maybe they're just so smart that they encode messages in all of their posts and the misspellings and bad grammar are a way to decipher the key.
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Started using linux back in 95 because it was able to do some cool networking stuff that windows couldn't do (don't remember what that was any more). Used it for about a year until i got a new computer that had a win modem. Used it off and on for a few years after that. Got a job as a windows/novell sysadmin. Talked my bosses into letting me replace our broken sonic wall router with a linux based one. Started going into a linux help channel on irc and helping other people. Someone I helped came back a few months later asking if I wanted a job working from home on their linux based network. Eventually took their three shared hosted linux servers into a large, high availability network using nothing but linux devices (and a couple switches). Decided I had conquered linux and moved into software development which is what I had really been interested in all along.
i swear stone (forget which one) tastes like you're drinking a pine tree (needles included). stone is at the top of my list for horrible beers.
pci compliance standards aren't really that good, especially for determining web application security.
that's only based on revenue. top 10 by market cap is apple, quanta, microsoft, google, ibm, asus, oracle, samsung, intel, cisco. 3 of the top 4 have a heavily vested interest in this. Even ibm, asus, intel and cisco have a slightly vested interest in it. Oh also, Sony only has about 12% of the market cap that apple has.
section 6.6 isn't a penetration test. section 6.6 requires an automated scan of your network to find out what software and version is running and verify that there are no listed vulnerabilities for that version of the software in nvd. As for sony, i've heard people say that prior to this whole fiasco, their card wouldn't go through on PSN because the credit card company had them on the list of untrusted merchants. This would mean that sony probably wasn't pci certified.
since it's a streaming service, the riaa is trying to claim that google needs to pay licensing fees. amazon and google have been saying they don't need to.
i've just thrown them in the trash immediately for the past 12 years. The first time i got a notice i was supposed to call in every day during some week to find out if i had to come in or not so i called for the first 2 days then quit calling. Never got any sort of warrant or notice of failure to show or anything. I have been planning on attending the next one I get, but it's been maybe 4 years since i got my last notice to appear.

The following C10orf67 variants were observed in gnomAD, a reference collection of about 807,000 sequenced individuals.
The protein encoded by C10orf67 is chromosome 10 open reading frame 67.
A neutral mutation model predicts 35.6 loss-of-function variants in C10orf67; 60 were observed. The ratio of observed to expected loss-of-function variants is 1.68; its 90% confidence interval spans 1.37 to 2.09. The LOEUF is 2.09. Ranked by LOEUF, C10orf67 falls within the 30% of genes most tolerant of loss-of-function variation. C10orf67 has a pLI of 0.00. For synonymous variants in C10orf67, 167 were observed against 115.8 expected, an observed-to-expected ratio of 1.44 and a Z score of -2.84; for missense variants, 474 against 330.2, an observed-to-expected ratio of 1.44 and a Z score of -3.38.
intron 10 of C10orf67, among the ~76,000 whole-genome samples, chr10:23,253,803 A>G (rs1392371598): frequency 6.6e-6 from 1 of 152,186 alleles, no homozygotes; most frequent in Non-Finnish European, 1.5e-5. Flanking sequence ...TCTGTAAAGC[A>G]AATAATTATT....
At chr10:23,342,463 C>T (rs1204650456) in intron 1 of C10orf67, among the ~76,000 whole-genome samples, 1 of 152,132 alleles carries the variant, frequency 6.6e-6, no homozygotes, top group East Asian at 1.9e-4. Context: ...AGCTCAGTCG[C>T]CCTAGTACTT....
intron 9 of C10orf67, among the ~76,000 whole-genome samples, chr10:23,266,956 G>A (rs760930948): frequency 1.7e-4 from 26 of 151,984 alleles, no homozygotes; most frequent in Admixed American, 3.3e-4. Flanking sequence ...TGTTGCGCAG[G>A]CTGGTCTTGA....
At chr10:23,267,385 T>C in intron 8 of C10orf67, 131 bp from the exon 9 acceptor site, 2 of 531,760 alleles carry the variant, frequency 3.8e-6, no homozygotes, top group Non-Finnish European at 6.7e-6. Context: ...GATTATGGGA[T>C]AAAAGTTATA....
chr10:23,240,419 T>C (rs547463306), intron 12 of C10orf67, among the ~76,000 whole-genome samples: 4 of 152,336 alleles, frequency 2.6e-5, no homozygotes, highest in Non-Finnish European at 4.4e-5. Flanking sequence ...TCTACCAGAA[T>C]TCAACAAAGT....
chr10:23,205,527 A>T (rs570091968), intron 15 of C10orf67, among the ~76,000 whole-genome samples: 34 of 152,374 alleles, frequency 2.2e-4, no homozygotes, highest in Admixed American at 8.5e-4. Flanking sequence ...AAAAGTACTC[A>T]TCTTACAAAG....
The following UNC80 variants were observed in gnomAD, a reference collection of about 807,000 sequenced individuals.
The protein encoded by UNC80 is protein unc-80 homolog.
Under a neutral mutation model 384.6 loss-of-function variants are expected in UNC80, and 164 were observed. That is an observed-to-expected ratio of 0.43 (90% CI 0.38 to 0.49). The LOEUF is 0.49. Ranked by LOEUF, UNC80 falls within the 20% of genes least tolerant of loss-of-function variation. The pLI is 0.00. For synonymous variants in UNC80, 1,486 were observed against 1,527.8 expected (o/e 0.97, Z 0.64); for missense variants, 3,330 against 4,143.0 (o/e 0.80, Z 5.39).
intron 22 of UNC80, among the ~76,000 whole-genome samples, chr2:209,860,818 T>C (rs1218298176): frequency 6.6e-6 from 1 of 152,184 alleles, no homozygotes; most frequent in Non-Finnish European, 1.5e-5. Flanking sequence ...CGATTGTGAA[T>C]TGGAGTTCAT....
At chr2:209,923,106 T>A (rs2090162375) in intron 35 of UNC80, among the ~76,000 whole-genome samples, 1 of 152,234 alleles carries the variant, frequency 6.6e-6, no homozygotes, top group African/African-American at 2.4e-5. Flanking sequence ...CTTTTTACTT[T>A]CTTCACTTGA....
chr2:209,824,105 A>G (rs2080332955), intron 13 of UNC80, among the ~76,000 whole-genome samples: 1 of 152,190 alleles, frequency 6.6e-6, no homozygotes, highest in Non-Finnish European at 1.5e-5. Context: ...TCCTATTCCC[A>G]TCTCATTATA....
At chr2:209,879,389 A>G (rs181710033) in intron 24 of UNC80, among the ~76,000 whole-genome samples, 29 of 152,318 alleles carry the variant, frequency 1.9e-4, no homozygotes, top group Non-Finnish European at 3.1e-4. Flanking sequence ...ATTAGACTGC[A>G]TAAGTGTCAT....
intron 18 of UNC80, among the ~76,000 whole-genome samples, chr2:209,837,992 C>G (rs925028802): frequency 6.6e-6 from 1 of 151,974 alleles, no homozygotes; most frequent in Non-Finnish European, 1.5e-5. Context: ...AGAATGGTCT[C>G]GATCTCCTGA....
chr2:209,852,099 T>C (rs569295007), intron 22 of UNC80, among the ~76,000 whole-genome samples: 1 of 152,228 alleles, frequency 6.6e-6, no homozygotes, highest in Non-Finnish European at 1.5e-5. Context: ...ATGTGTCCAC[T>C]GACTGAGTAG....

why would you even hire pen testers to point them at systems that don't contain the same software as your production? it's not like that's part of pci. As for the cost I can't really find anywhere that gives any cost of fines (though i have seen $500,000 per incident). I did however find an article saying it costs businesses on average $204 per customer for a data breach in the US (ranges from $750,000 to $31 million for total costs to companies).
it shows that the company wasn't concerned with security. If a company was doing everything in it's power to keep it's networks/data secure it would be hard to fault them... if there is proof that they knowingly ignored security problems then they would have more liability for any security failures.
yes. they have proven that they only care to protect their own intellectual property not the intellectual property they force their users to give them.
if it was "unpatched" that generally means that there were security bugs in the version of apache that was running (otherwise they would have just said it wasn't up to date which wouldn't matter). If this web server was within the same scope as their cc processing system that would probably be a pci failure (not sure what vulnerability was). No one is saying that this was some vulnerability that would have allowed an attacker to run arbitrary code as root on the server however it may have given an attacker information on how their network was set up allowing them to find a more dangerous security vulnerability. Also apache httpd server doesn't have a good record of being immune to attacks, it's just not known to have more than expected.
The following is a list of security vulnerabilities that have been fixed in just apache httpd server 2.2
i didn't see anything you just said mentioned in the article.
while i'm hear though, i might as well add that the reason i finally switched away from slackware after 15 years of use was that I just didn't have the time any more for the package management on it. Slackware really needs to introduce some sort of dependency setup for the packages along with repositories.
i just switched from att uverse to cox internet service because of the new bandwidth caps on uverse. In the process I ended up getting double the speed i had with uverse for only $30 more.
yeah, it would be interesting to inject some code into the device to cause it to tell phones to send all data it gathers to some email/website.